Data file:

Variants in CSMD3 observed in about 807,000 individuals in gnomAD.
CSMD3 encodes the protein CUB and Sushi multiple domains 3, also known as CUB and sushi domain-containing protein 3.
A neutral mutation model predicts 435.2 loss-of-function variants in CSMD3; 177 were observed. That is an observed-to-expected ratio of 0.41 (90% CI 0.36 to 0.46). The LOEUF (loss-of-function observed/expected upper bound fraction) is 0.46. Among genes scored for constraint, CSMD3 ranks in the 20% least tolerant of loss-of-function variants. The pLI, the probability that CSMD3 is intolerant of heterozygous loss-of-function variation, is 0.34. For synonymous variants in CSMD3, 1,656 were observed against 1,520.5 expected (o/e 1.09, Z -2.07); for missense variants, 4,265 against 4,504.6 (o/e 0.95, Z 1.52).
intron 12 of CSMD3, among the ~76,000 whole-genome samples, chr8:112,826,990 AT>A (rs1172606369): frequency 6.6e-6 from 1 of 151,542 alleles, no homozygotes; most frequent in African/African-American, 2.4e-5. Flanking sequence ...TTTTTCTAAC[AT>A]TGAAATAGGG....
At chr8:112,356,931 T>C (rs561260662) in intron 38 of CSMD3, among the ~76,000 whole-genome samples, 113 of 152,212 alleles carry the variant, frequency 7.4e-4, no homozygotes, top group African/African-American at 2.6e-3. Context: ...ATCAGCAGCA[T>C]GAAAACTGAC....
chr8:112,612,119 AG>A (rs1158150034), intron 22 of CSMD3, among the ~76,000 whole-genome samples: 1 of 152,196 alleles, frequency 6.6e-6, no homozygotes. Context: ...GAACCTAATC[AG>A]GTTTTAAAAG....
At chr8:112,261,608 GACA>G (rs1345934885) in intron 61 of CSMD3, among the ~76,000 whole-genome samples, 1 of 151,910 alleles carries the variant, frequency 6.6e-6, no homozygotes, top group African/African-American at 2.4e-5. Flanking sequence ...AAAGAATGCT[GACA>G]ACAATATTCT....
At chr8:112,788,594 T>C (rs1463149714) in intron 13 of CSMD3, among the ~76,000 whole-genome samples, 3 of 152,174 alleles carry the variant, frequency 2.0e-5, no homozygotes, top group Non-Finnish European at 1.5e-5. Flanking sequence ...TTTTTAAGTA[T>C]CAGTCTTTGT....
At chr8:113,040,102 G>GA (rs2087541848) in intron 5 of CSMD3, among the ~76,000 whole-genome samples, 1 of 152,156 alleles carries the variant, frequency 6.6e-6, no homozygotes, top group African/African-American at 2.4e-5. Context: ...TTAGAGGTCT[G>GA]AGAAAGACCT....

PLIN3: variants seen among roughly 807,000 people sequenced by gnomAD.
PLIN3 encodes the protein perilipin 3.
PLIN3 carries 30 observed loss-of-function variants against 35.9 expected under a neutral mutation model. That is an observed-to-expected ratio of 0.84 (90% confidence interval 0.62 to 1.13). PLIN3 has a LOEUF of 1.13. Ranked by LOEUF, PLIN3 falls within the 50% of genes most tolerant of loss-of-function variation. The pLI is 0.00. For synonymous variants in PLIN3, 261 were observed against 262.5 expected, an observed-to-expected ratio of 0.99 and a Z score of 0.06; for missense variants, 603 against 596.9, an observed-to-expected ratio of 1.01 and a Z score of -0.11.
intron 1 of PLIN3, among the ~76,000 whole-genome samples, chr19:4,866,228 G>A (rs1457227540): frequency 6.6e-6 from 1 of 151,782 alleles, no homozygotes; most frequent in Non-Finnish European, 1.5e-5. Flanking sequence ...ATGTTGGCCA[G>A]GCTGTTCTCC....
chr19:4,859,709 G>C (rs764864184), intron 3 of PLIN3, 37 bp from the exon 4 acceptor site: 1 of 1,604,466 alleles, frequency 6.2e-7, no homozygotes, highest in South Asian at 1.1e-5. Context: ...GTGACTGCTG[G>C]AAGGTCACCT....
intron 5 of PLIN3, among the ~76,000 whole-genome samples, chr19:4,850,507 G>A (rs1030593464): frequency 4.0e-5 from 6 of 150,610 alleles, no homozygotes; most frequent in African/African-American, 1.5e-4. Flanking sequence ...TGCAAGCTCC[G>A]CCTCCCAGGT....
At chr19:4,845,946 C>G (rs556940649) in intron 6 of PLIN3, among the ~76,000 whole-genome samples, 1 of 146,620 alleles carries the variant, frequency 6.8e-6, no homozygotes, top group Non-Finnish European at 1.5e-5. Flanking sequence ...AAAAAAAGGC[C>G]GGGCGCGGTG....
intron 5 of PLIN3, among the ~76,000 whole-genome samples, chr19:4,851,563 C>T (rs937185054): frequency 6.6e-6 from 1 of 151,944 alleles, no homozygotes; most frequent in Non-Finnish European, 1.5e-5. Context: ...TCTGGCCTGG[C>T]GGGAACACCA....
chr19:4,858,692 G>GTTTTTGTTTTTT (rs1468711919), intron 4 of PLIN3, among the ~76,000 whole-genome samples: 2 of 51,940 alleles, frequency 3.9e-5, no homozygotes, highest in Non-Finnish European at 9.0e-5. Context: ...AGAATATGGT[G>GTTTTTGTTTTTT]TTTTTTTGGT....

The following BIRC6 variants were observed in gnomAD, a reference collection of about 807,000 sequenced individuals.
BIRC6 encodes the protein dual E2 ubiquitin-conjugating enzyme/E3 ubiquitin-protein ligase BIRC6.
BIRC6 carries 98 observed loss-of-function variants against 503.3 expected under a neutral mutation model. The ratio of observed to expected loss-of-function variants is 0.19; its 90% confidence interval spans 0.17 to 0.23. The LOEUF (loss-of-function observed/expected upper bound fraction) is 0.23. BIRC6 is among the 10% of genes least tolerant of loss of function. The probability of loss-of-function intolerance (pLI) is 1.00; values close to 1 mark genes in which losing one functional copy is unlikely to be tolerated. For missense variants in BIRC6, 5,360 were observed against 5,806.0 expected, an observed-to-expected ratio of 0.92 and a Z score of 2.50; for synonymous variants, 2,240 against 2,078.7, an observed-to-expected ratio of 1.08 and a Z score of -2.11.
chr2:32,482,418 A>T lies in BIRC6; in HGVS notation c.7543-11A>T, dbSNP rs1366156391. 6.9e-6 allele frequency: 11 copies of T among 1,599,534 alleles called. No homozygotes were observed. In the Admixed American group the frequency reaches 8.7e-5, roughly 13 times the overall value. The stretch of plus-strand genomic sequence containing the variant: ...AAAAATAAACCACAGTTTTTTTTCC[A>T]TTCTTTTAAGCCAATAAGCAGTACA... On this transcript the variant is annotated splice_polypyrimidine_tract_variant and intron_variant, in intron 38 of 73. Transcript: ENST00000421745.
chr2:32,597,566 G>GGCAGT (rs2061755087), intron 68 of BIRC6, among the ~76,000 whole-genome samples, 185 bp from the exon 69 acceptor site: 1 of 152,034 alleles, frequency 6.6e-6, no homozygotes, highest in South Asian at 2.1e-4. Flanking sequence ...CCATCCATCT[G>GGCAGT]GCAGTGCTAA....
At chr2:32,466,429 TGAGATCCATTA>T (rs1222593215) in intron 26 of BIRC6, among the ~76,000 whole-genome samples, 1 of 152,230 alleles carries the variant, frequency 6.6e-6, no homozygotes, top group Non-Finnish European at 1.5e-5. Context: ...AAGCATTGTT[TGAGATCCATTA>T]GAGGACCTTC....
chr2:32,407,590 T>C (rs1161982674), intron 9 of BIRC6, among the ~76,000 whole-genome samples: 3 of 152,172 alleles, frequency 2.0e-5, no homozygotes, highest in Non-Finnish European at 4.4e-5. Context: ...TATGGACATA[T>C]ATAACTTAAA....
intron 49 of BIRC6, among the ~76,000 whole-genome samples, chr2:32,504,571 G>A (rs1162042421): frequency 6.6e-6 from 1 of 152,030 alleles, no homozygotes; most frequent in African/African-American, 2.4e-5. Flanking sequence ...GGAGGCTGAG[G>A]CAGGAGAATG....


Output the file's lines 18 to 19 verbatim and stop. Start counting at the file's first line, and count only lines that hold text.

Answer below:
chr19:4,858,692 G>GTTTTTGTTTTTT (rs1468711919), intron 4 of PLIN3, among the ~76,000 whole-genome samples: 2 of 51,940 alleles, frequency 3.9e-5, no homozygotes, highest in Non-Finnish European at 9.0e-5. Context: ...AGAATATGGT[G>GTTTTTGTTTTTT]TTTTTTTGGT....

The following BIRC6 variants were observed in gnomAD, a reference collection of about 807,000 sequenced individuals.